Although I never got to travel, and experience what all the other students were experiencing on the road, I was able to stay in Phoenix and attend every church service. This allowed me to meet some really wonderful people. I made friends with dozens of people and families. It was so nice to meet families who’d invite me over for a Sunday afternoon lunch and a movie, especially since I was away from home for the first time. On my day off (which I had in Master’s Commission USA and not in Master’s Commission Austin), I’d have people to go have coffee with, or go shopping with and that was really nice.
My experience in Master’s Commission USA wasn’t awful, admittedly. It doesn’t haunt me like my time with Master’s Commission Austin and Elevate 3D in Lafayette, LA now does. It did derail my plans for college for several years and led me into a misguided relationship with God and ministry. Because of that and many other reasons (including their unethical treatment of staff members across the entire network of affiliated groups), I don’t support Master’s Commission and I don’t endorse it.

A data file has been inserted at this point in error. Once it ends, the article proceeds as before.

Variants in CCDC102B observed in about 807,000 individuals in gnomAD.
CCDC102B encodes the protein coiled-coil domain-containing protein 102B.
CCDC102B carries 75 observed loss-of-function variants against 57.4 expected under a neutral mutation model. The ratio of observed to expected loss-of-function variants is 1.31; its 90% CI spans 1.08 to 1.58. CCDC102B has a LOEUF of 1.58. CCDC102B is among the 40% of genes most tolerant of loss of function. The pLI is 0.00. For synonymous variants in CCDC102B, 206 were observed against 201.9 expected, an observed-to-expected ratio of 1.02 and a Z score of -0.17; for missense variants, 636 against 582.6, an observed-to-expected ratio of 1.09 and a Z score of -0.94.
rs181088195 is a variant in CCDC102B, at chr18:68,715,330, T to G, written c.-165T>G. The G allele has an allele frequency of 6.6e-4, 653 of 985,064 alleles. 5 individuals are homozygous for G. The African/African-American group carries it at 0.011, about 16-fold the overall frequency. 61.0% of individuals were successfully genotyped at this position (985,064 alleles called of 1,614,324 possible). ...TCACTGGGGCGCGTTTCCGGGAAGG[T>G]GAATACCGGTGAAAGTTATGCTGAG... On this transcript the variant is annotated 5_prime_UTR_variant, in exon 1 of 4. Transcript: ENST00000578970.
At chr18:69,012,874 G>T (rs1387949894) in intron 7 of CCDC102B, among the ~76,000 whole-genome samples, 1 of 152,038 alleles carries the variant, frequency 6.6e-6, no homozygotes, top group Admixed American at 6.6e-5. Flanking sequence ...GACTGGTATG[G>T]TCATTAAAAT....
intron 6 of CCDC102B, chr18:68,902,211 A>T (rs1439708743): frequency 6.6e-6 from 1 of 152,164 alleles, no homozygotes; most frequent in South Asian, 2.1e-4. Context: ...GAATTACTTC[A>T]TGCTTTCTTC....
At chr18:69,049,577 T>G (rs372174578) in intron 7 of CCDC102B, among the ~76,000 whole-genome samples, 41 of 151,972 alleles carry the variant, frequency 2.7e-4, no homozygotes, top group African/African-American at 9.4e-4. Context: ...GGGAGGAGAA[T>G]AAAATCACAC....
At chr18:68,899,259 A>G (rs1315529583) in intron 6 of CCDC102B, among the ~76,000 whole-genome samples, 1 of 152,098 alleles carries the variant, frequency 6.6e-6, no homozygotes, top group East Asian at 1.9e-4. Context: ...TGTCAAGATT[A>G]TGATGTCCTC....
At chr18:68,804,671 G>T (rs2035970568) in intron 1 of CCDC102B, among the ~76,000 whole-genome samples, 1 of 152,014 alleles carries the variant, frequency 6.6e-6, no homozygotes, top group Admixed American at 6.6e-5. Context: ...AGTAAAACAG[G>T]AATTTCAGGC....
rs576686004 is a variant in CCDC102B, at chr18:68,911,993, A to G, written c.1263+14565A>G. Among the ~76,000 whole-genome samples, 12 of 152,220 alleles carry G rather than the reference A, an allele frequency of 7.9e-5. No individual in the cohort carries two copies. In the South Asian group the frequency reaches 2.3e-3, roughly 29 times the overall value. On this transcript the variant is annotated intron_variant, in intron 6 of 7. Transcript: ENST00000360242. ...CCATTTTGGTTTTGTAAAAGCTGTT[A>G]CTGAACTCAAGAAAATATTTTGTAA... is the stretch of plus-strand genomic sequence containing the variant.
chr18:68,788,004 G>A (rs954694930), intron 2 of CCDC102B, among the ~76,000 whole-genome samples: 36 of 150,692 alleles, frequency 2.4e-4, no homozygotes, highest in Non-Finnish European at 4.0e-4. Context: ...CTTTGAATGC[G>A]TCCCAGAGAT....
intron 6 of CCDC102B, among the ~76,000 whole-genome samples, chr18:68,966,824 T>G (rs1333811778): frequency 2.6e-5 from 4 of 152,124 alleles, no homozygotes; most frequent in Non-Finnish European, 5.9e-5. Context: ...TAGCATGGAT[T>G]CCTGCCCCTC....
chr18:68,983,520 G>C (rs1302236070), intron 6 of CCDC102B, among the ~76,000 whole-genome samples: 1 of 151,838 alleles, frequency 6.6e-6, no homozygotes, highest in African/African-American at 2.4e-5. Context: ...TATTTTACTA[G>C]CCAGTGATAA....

Since starting this blog, though, what I’ve learned is that when you become a staff member in Master’s Commission, the negative experiences really tend to grow. I’ve spoken with many former Master’s Commission USA staff members who have a very different perspective of the same year I was there simply because they were on staff. They knew Lloyd Zeigler better, had a different relationship with the other staff members, and most importantly, saw everything that was behind the scenes. Sometimes, what we as first year students saw on the front end was incredibly different from what we were told was happening or what happened. My own experience on staff with Master’s Commission Austin and what is now Elevate 3D is a testament to that. As a staff member, you’re held to a certain level of responsibility that students aren’t and that often has a negative effect. Though, in Master’s Commission Austin and Elevate 3D, many former (and current) students have emailed me or spoken to me saying that they had experienced much of what I had.
My experience with Master’s Commission is bittersweet. I met some great people along the way, and lived in some wonderful cities filled with entirely new (to me) cultural elements. I even traveled to Costa Rica, Nicaragua and Myanmar. I learned to cook crawfish etouffee and blackened alligator. These experiences are special memories I like to remember.